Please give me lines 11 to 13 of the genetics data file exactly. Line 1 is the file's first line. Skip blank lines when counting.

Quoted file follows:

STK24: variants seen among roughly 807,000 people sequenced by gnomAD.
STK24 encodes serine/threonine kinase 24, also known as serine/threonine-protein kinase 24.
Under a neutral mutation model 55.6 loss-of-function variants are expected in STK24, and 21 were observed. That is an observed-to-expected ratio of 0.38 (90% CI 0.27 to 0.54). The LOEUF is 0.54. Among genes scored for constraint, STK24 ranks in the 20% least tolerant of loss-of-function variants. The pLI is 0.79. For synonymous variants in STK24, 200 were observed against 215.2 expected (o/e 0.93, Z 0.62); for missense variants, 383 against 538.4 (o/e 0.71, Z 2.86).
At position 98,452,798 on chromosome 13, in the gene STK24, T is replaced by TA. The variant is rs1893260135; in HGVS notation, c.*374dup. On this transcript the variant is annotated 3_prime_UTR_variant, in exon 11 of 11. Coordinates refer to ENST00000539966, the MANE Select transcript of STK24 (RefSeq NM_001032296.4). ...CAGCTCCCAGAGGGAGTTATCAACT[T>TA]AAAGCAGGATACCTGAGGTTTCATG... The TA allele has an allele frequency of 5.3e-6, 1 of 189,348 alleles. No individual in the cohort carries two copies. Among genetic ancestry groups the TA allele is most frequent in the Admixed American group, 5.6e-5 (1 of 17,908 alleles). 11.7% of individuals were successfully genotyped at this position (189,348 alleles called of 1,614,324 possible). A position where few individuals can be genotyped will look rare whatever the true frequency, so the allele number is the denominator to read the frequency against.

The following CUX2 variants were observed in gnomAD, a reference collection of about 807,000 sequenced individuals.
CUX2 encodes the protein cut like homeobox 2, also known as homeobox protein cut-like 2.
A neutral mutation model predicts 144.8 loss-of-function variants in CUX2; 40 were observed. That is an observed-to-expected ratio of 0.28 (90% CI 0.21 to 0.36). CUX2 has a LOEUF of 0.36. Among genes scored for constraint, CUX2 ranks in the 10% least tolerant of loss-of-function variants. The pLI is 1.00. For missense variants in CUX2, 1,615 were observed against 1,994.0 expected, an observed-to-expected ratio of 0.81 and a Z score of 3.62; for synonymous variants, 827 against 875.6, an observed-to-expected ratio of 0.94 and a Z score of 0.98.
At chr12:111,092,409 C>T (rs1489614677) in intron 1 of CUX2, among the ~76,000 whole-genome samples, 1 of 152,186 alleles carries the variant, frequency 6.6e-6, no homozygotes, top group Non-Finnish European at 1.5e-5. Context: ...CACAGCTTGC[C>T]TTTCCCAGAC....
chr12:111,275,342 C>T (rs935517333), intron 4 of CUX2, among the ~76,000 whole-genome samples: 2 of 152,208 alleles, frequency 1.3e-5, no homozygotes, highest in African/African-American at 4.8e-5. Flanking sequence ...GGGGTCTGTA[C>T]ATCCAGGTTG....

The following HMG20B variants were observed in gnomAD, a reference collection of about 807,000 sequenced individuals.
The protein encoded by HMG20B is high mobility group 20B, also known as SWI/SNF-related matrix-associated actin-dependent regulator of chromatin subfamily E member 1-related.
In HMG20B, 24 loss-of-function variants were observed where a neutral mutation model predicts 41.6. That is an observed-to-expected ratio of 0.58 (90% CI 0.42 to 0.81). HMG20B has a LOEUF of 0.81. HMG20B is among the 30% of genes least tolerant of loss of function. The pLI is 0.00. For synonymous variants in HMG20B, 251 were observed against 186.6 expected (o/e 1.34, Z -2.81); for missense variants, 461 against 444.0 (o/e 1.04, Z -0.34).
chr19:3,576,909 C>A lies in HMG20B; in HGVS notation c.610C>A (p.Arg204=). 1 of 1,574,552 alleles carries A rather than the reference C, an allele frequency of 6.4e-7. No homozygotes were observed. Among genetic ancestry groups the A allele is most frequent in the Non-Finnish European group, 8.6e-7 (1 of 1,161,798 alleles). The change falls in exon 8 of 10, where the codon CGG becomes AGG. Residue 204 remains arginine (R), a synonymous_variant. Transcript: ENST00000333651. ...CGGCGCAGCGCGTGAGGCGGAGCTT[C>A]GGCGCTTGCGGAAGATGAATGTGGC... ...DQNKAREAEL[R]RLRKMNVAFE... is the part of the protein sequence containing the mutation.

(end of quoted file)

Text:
The protein encoded by HMG20B is high mobility group 20B, also known as SWI/SNF-related matrix-associated actin-dependent regulator of chromatin subfamily E member 1-related.
In HMG20B, 24 loss-of-function variants were observed where a neutral mutation model predicts 41.6. That is an observed-to-expected ratio of 0.58 (90% CI 0.42 to 0.81). HMG20B has a LOEUF of 0.81. HMG20B is among the 30% of genes least tolerant of loss of function. The pLI is 0.00. For synonymous variants in HMG20B, 251 were observed against 186.6 expected (o/e 1.34, Z -2.81); for missense variants, 461 against 444.0 (o/e 1.04, Z -0.34).
chr19:3,576,909 C>A lies in HMG20B; in HGVS notation c.610C>A (p.Arg204=). 1 of 1,574,552 alleles carries A rather than the reference C, an allele frequency of 6.4e-7. No homozygotes were observed. Among genetic ancestry groups the A allele is most frequent in the Non-Finnish European group, 8.6e-7 (1 of 1,161,798 alleles). The change falls in exon 8 of 10, where the codon CGG becomes AGG. Residue 204 remains arginine (R), a synonymous_variant. Transcript: ENST00000333651. ...CGGCGCAGCGCGTGAGGCGGAGCTT[C>A]GGCGCTTGCGGAAGATGAATGTGGC... ...DQNKAREAEL[R]RLRKMNVAFE... is the part of the protein sequence containing the mutation.